While working as an editor and writer at COLORS Magazine, Rose George was assigned to work on Cacas, a coffee table book featuring photographs of animal and human feces, for which “caca” is slang. Through the project, she discovered Sulabh International, an organization in India that provides public toilets and works to liberate those whose […]

Peter Thum

Wine turned Peter Thum to water. While working on a project in South Africa involving two wineries, Thum saw the difficulties that many people experienced just trying to get clean water every day. “I did a bit of research and began to see the size and magnitude of this problem,” he says. So he decided […]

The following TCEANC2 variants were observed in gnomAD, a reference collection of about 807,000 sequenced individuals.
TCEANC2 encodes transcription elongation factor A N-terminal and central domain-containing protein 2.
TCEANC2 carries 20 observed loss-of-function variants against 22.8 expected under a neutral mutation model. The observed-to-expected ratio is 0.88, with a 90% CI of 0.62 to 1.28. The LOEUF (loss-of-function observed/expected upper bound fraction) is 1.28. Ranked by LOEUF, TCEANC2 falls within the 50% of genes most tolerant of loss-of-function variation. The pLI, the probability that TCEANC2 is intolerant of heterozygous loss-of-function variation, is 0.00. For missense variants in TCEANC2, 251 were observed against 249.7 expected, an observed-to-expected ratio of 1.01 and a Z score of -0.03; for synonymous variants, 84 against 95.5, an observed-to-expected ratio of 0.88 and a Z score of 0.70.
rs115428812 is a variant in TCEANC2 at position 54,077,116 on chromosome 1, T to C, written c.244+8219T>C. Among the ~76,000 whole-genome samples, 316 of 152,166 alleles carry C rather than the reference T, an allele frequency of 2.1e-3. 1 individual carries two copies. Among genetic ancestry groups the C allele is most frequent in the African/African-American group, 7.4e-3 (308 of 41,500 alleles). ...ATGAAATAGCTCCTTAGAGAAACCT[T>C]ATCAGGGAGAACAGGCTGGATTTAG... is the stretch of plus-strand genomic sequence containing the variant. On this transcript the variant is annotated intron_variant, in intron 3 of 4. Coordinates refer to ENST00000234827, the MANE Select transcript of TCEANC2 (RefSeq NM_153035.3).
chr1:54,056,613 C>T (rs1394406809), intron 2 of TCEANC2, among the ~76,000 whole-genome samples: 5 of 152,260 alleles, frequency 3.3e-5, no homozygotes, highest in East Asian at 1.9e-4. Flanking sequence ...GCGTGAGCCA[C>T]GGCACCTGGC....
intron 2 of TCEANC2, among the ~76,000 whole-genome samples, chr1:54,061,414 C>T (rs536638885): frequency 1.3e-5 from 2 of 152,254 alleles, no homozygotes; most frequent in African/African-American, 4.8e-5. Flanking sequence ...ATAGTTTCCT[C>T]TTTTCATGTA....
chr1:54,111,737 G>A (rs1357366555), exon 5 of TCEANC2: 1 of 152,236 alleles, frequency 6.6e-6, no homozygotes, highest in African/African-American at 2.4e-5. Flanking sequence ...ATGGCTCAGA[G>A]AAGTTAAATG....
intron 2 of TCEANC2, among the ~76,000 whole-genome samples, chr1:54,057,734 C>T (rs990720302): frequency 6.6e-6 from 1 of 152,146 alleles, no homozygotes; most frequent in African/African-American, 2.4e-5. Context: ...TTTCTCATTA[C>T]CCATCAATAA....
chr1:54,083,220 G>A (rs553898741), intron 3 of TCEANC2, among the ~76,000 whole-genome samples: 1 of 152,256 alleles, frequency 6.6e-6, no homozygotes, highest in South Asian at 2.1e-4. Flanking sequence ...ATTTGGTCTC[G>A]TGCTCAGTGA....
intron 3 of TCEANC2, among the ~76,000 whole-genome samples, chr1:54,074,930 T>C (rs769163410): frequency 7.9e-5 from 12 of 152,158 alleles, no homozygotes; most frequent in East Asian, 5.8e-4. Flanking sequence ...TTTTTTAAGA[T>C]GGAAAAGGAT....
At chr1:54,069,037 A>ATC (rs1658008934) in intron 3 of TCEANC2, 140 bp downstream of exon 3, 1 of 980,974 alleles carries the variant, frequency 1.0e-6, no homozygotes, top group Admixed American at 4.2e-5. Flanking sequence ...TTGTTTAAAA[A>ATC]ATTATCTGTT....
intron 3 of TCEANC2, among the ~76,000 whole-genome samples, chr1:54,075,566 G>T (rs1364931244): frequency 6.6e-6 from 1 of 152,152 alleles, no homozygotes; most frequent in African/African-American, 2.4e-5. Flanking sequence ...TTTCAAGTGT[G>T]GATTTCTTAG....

Vessela Monta

“We cannot say that rain is not interesting just because we can dig wells,” says Vessela Monta, a civil engineer by trade who began working with the International Rainwater Harvesting Alliance (IRHA) in 2002. Some resources — like the availability of harvestable rainwater — get forgotten when discussing sustainability, but not to Monta. She points […]

Isabella Bovolo

Guyana means “land of many waters” in a native Amerindian language, but it also houses one of the most pristine rainforests left in existence, the Iwokrama. In 1996, Guyana and the Commonwealth of Nations established an organization of the same name. According to Iwokrama resident scientist Isabella Bovolo, the organization aims to fill large data […]

David Breashears